Rub it in for about 30 seconds to loosen up the paint or primer.
Then, dip a rag or brush back into the soapy water and try scrubbing the area again.
The baby oil will loosen up the bonding process of the primer, so you should see it coming off your skin as you apply the rag or brush.
You may need to dry your hands, reapply the oil, and try scrubbing again if you are not seeing results right away.
3- Nail Polish Remover or Rubbing Alcohol
If the baby oil is not working, then get a cotton swab and apply some rubbing alcohol or nail polish remover.
The latter is excellent at breaking up sticky material from the skin.
Apply it generously to the area covered by the primer and then start scrubbing again.
If you are seeing the primer started to come off, rinse the area, then reapply the nail polish remover or rubbing alcohol and get back at it.
4- Vegetable or Olive Oil
If nothing is working so far, vegetable and olive oil are even stronger in terms of removing primer.
They have the power to break up and remove even stubborn primer or paint from the skin and hairs.
Apply the product generously, let it sit for 30 seconds, and then start scrubbing with the rag or brush that has been dipped in soapy water.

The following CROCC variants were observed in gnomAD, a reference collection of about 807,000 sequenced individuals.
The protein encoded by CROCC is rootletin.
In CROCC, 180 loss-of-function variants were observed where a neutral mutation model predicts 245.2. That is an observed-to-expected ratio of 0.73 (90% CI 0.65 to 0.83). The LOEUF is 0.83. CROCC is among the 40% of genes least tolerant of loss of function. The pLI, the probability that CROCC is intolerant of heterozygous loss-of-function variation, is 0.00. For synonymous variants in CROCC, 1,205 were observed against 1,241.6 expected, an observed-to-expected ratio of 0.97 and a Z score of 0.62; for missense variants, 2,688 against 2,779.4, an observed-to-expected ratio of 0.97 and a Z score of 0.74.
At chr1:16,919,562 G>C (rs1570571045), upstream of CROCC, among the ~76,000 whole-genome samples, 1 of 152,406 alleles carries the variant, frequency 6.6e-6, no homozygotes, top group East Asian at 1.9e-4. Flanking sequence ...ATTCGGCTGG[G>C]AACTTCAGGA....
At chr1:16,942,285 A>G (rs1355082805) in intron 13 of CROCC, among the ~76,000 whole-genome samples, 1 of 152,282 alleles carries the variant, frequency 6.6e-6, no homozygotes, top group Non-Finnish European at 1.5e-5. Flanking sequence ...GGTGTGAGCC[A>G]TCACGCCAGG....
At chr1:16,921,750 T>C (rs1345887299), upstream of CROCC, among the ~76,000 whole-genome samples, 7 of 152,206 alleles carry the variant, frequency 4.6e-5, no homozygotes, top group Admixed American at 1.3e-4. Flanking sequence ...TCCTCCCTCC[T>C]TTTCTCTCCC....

Other strong oils include essential oils such as lavender, rosemary, or sage.
Plus, you can try coconut oil as well if you have them around.
If you have more than one of the oils available, try using them one at a time to remove the primer from your skin
5- Add Salt to the Oil
If that is not working, add some sea salt to the oil.
Mix equal parts of salt and water in a bowl, then apply it to your skin.
The salt will apply a little more friction that will hopefully start to pull up the primer from your skin.
A good way to ensure maximum results is to massage the salt and oil concoction into the skin where the primer is located and let it sit for 60 seconds.
Then, apply the soap and water combination with a rag or brush and hopefully this time it comes off.
But if it does not come off, you still have options.
6- Add Sugar
If adding the salt did not work, you can try the same approach with sugar.